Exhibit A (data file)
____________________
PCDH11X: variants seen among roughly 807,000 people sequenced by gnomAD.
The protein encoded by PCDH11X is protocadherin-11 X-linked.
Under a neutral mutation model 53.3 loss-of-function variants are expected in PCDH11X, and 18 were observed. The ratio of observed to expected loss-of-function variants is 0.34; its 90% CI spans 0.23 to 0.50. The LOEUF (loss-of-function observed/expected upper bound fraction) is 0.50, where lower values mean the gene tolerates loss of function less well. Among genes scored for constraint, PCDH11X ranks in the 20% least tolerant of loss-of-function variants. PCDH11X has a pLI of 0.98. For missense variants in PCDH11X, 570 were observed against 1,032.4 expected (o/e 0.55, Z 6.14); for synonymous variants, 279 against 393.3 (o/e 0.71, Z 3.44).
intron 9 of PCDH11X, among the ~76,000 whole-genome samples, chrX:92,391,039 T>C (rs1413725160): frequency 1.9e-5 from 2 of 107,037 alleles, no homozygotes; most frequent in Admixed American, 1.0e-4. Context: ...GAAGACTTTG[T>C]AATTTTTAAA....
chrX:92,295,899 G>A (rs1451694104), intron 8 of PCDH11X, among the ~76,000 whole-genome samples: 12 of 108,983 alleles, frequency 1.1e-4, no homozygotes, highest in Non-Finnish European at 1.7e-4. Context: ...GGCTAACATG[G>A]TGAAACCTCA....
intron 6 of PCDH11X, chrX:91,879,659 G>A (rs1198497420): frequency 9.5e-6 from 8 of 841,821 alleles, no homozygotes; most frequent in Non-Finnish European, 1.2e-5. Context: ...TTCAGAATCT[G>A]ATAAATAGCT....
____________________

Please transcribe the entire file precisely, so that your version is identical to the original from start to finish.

PCDH11X: variants seen among roughly 807,000 people sequenced by gnomAD.
The protein encoded by PCDH11X is protocadherin-11 X-linked.
Under a neutral mutation model 53.3 loss-of-function variants are expected in PCDH11X, and 18 were observed. The ratio of observed to expected loss-of-function variants is 0.34; its 90% CI spans 0.23 to 0.50. The LOEUF (loss-of-function observed/expected upper bound fraction) is 0.50, where lower values mean the gene tolerates loss of function less well. Among genes scored for constraint, PCDH11X ranks in the 20% least tolerant of loss-of-function variants. PCDH11X has a pLI of 0.98. For missense variants in PCDH11X, 570 were observed against 1,032.4 expected (o/e 0.55, Z 6.14); for synonymous variants, 279 against 393.3 (o/e 0.71, Z 3.44).
intron 9 of PCDH11X, among the ~76,000 whole-genome samples, chrX:92,391,039 T>C (rs1413725160): frequency 1.9e-5 from 2 of 107,037 alleles, no homozygotes; most frequent in Admixed American, 1.0e-4. Context: ...GAAGACTTTG[T>C]AATTTTTAAA....
chrX:92,295,899 G>A (rs1451694104), intron 8 of PCDH11X, among the ~76,000 whole-genome samples: 12 of 108,983 alleles, frequency 1.1e-4, no homozygotes, highest in Non-Finnish European at 1.7e-4. Context: ...GGCTAACATG[G>A]TGAAACCTCA....
intron 6 of PCDH11X, chrX:91,879,659 G>A (rs1198497420): frequency 9.5e-6 from 8 of 841,821 alleles, no homozygotes; most frequent in Non-Finnish European, 1.2e-5. Context: ...TTCAGAATCT[G>A]ATAAATAGCT....